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Clergy join peaceful but noisy protest in Ferguson

Clergy join peaceful but noisy protest in Ferguson


Updated at 12:30 a.m., with arrest of one person and the arrival of Highway Patrol Capt. Ron Johnson.

FERGUSON • Several members of the clergy joined about 100 protesters staging a noisy but peaceful protest across from the Ferguson police station Monday night.

Until late, noticeably absent from the demonstration on South Florissant Road that included chanting and beating drums was police officers.

Several officers arrived about 11 p.m. as some of the protesters moved into the street with their arms locked. Cars inched by during the protest, and at times clergy members helped direct traffic.

Officers formed a line facing the protest. Police used loud speakers to order the protesters to leave the street or face arrest.

At one point, the police line pulled back after gunfire was heard.

The members of the clergy prayed as the police and protesters faced off. About midnight, one clergyman, the Rev. Osagyefo Sekou, tweeted that he had been arrested.

Rabbi Randy Fleisher, of Central Reform Congregation in the Central West End, said Sekou was on the sidewalk among other protesters when he sat down. He was then taken into custody.

Sekou was released about 1 a.m., prompting cheers from the protesters. He was charged with failure to disperse.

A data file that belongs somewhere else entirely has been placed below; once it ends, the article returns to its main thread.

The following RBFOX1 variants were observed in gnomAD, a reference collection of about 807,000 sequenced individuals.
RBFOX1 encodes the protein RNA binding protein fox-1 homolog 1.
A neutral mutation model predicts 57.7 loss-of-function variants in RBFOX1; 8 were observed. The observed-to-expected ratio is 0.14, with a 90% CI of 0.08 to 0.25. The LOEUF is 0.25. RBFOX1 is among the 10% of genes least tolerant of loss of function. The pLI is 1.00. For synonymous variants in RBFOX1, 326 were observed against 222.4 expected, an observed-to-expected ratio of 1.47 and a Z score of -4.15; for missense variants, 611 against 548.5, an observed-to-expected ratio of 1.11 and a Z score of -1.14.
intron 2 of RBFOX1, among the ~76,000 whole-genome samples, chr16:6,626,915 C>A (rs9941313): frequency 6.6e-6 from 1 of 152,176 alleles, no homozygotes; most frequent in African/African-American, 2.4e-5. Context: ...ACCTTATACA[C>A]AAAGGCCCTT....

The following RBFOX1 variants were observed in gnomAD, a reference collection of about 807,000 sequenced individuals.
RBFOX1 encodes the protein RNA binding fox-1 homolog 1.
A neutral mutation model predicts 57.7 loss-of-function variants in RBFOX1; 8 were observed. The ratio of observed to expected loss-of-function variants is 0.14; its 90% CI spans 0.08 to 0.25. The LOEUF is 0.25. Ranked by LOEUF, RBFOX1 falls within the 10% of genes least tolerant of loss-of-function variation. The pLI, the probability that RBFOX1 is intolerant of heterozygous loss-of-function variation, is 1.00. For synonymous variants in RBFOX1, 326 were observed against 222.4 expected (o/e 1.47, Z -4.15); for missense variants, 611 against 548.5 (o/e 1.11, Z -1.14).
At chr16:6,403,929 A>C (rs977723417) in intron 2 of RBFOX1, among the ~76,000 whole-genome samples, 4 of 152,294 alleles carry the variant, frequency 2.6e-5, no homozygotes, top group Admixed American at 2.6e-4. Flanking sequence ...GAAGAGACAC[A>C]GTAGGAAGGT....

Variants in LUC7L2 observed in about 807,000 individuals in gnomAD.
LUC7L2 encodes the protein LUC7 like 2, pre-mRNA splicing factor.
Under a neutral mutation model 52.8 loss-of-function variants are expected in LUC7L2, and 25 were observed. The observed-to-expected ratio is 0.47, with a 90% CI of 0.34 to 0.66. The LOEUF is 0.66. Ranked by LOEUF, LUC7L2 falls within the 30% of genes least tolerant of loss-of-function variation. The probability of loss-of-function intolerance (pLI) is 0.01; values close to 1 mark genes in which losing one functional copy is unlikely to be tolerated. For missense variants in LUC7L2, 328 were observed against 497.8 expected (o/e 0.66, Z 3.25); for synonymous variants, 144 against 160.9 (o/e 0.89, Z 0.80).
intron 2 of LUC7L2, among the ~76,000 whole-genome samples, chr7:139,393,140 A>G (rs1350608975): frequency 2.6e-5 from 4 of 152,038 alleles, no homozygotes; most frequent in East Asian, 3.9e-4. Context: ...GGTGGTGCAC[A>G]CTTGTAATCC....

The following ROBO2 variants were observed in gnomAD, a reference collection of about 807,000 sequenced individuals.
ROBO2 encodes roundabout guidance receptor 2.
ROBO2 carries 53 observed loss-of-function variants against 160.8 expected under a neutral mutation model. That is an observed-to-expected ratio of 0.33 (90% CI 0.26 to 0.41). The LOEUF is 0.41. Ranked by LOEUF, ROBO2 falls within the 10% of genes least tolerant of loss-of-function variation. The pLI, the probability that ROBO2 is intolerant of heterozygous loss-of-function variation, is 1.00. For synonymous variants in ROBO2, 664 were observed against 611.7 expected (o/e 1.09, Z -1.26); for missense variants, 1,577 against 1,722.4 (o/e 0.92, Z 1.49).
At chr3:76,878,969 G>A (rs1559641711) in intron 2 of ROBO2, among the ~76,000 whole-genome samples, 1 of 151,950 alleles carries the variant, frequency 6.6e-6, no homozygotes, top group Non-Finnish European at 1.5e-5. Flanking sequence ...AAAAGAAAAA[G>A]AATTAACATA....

Rabbi Susan Talve, also of Central Reform Congregation, said she and other religious leaders were in Ferguson "just to be here as a witness and as a presence, to support the actions of the protesters — not to negotiate, but to support."

"It's not about taking sides for or against the police," Talve said. "It's about everyone working together to reduce violence."

The Rev. Bill Perman, of First Presbyterian Church of St. Louis, said: "Christ calls us to be present in these places to work for justice and for peace."

Perman said he was on West Florissant Avenue during past marches when police fired tear gas to control protesters. He said thought that people might change their behavior or think twice if they saw a guy in a collar, as he was wearing tonight. 

About midnight, Capt. Ron Johnson of the Missouri Highway Patrol, came to the protest scene. He said he had been home when he learned about the night's confrontation and didn't like what he saw.

Johnson, who is in charge of the state and county police officers assigned to Ferguson, said he wanted protesters to be able to safely demonstrate.

"I want to listen," he told them. "I'm not here to tell you anything."

Johnson also said he was unaware of a so-called "five-second rule," a tactic some officers were alleged to be using to force protesters to keep moving or face arrest.

"Highway Patrol and county police will not enforce a five-second rule," he said.

An hour after Johnson's arrival, about 20 protesters remained in a line on the street.

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